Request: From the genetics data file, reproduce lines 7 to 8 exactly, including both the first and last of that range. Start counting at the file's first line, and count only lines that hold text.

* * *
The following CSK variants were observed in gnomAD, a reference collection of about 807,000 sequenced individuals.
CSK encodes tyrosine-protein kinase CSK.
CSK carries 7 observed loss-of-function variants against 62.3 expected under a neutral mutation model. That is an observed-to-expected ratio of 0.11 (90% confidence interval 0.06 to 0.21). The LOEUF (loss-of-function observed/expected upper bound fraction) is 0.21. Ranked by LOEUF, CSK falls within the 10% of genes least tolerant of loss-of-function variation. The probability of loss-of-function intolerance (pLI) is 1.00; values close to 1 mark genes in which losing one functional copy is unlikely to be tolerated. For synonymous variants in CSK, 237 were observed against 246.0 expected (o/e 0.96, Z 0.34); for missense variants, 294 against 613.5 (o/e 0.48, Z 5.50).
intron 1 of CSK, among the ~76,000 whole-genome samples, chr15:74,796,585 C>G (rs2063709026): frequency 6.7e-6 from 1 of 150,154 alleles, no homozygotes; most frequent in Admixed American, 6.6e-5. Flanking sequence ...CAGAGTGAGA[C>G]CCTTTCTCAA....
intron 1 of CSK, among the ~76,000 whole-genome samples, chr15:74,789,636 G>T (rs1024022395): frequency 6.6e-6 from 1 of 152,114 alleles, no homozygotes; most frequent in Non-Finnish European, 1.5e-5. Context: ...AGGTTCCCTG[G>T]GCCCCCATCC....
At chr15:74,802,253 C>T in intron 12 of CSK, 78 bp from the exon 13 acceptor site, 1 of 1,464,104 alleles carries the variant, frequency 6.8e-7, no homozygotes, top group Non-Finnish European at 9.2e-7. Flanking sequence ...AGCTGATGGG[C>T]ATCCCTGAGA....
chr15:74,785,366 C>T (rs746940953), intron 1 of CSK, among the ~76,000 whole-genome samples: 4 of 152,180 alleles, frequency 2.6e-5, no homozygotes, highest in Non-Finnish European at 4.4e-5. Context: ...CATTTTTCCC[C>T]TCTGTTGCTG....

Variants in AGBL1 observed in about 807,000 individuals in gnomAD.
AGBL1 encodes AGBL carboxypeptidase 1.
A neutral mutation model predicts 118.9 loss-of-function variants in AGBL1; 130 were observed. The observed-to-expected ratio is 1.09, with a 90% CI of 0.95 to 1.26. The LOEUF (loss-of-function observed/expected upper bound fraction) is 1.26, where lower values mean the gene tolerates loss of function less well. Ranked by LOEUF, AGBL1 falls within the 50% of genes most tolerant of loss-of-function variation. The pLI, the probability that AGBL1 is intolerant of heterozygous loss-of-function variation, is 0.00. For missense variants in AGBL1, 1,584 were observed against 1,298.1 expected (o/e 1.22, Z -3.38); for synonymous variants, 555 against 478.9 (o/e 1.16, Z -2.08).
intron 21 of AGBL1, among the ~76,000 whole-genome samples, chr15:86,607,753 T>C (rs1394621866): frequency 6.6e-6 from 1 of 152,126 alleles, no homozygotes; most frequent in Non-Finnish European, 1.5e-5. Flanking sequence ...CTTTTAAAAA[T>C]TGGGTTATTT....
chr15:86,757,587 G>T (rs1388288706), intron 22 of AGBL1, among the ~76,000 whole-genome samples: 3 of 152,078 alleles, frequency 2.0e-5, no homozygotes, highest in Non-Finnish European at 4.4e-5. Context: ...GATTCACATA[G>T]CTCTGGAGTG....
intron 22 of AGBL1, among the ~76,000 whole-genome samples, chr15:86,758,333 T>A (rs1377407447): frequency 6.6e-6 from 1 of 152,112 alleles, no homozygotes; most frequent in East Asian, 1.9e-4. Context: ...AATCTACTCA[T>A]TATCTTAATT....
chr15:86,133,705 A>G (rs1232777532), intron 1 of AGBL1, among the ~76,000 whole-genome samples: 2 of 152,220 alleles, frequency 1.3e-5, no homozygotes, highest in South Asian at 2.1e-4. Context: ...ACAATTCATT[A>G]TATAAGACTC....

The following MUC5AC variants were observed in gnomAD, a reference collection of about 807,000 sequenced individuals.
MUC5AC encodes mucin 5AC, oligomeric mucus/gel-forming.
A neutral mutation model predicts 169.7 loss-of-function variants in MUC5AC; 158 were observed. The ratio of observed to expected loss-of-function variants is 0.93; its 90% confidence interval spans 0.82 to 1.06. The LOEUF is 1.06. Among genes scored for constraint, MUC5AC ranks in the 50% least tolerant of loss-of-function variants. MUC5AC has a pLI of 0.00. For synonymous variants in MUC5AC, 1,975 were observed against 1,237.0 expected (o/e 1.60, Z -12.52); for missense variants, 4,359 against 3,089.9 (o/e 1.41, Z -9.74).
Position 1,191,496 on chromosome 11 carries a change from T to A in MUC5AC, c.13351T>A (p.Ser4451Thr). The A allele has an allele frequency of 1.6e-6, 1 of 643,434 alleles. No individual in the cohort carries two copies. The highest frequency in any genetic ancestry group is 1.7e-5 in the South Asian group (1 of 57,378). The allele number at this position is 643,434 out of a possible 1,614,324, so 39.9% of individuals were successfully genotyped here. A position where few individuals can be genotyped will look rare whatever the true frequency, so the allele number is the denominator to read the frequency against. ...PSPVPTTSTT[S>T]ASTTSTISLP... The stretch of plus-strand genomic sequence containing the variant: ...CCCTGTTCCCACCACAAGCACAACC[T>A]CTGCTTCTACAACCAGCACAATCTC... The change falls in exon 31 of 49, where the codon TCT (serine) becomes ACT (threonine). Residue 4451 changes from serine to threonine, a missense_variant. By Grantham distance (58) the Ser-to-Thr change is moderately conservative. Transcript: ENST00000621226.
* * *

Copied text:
chr15:74,785,366 C>T (rs746940953), intron 1 of CSK, among the ~76,000 whole-genome samples: 4 of 152,180 alleles, frequency 2.6e-5, no homozygotes, highest in Non-Finnish European at 4.4e-5. Context: ...CATTTTTCCC[C>T]TCTGTTGCTG....

Variants in AGBL1 observed in about 807,000 individuals in gnomAD.